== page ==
US president Joe Biden is releasing 50 million barrels of oil from the country’s Strategic Petroleum Reserve, a drop in the bucket of global oil demand that’s unlikely to achieve his goal of lowering gasoline prices.
The world goes through double that amount in a single day. And although the Biden administration hasn’t set out a timetable, it would most likely dole out the extra supplies over months. That would lower the price of a barrel of oil, which has been hovering at around $80, by $1, according to a simulation by experts at the French bank Société Générale.
A coordinated oil reserve release with China, India, Japan, South Korea, and the UK, which could amount to 70 million barrels, wouldn’t sway oil prices by much more: They would go down by $1.30 a barrel, said Michael Haigh, head of commodity research at the bank.
“Anybody in this market that knows oil knows how tiny that amount is when you compare it to the overall market,” he added. “These numbers aren’t big enough.”
Société Générale’s assumptions are based on current levels of oil production. Saudi Arabia could decide to decrease its oil output until the market used up the extra supply, resulting in an even smaller change in price.
“The Russians especially do not want to subsidize the US gasoline purchases or US oil production,” Haigh said. “Because they have been hurt in recent years through sanctions so they will do whatever policy they can do to counteract what the US is doing and keep prices and inventories where they are.”
In the current environment, it would take some dramatic events for the price of oil to be impacted. For instance, if sanctions on Iran were suddenly lifted and demand declined because the pandemic got worse, oil prices could drop by about $20 a barrel.
“The best way that you can solve this situation is number one to stimulate US oil and gas production because it really hasn’t recovered since pre-covid,” Haigh said. “Number two, you’d have to try and negotiate with OPEC.”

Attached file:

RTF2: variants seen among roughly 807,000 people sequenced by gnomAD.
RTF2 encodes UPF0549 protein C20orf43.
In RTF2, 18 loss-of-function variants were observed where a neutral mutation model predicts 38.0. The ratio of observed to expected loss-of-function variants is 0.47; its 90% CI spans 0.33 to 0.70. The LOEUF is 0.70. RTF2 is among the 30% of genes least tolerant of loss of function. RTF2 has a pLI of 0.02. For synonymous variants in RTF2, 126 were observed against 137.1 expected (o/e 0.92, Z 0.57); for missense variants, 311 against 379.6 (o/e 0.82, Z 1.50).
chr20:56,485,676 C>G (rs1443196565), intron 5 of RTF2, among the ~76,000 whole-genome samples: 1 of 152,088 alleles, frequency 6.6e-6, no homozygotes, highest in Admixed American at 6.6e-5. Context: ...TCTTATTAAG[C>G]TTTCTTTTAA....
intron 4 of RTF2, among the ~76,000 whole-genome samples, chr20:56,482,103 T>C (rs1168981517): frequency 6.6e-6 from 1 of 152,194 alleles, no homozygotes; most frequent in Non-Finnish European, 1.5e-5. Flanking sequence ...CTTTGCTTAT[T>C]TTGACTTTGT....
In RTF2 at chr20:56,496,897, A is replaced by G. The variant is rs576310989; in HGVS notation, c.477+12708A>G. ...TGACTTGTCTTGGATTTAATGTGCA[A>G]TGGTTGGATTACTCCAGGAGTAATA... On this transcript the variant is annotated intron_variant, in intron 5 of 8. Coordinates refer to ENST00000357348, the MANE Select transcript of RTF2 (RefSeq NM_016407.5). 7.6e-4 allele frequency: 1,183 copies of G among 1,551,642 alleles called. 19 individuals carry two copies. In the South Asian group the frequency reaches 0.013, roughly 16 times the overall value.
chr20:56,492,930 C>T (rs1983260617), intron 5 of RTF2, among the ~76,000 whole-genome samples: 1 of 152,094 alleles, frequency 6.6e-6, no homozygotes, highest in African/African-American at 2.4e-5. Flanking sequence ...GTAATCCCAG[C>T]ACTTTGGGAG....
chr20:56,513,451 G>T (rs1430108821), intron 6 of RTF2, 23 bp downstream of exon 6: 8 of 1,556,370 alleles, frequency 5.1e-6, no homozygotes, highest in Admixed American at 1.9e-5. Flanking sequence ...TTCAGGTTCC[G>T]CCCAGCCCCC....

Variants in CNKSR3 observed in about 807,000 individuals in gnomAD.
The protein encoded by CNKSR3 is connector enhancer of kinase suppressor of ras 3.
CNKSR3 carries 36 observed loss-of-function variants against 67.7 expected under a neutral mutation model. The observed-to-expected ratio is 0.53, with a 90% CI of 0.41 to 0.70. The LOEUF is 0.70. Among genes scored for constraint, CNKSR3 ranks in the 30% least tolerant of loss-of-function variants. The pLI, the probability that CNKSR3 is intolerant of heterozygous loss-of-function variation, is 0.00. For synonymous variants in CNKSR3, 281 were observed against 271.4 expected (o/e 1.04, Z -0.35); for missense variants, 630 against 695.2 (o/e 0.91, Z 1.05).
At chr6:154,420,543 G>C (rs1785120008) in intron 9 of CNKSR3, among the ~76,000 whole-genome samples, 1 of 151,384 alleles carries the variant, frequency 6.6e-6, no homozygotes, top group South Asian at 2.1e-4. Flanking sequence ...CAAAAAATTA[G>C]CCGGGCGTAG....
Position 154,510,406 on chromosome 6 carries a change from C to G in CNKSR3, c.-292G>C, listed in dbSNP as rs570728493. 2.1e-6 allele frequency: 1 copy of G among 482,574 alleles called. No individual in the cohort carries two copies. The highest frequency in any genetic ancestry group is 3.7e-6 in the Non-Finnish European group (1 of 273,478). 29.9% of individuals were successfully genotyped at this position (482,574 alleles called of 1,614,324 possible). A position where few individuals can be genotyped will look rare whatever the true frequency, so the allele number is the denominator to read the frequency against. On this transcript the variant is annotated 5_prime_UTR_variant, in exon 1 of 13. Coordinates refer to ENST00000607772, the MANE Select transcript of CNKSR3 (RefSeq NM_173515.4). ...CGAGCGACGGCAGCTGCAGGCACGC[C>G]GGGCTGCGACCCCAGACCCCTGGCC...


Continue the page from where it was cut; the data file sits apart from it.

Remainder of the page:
Even if the release resulted in lower oil prices, that doesn’t mean prices at the gas pump would immediately follow. In the Société Générale simulation, gas prices barely budged.
Extra oil supplies don’t get at the main issues behind the increase in gas prices. Last year, refiners cut back their output by 40% as covid-19 dried up demand for gasoline and other products. Some even permanently shut down plants, reducing the US’s refining capacity. Now that Americans are back in the mood for driving, refiners can’t keep up. It will likely take months to ramp up production.
“There’s not really a whole lot of policy tools in the president’s toolkit to have any real meaningful impact on oil prices or gas prices, in the near term,” said Brian Prest, an economist with Resources for the Future, a non-profit that does energy research. “If you’re talking about much longer term, things that reduce demand for oil will ultimately eventually reduce the price of oil.”
In the meantime, Americans might take comfort in remembering that they’ve paid higher prices in the past. On Nov. 24, a gallon of regular gas was selling for a national average of nearly $3.40, well below the $4.11 record high set in 2008.
“For all the talk in the news, the price of gas is actually not all that high,” Prest said. “If you take the average price of gas for the past 20 years and adjust it for inflation, the average price has been above $3 for 20 years.”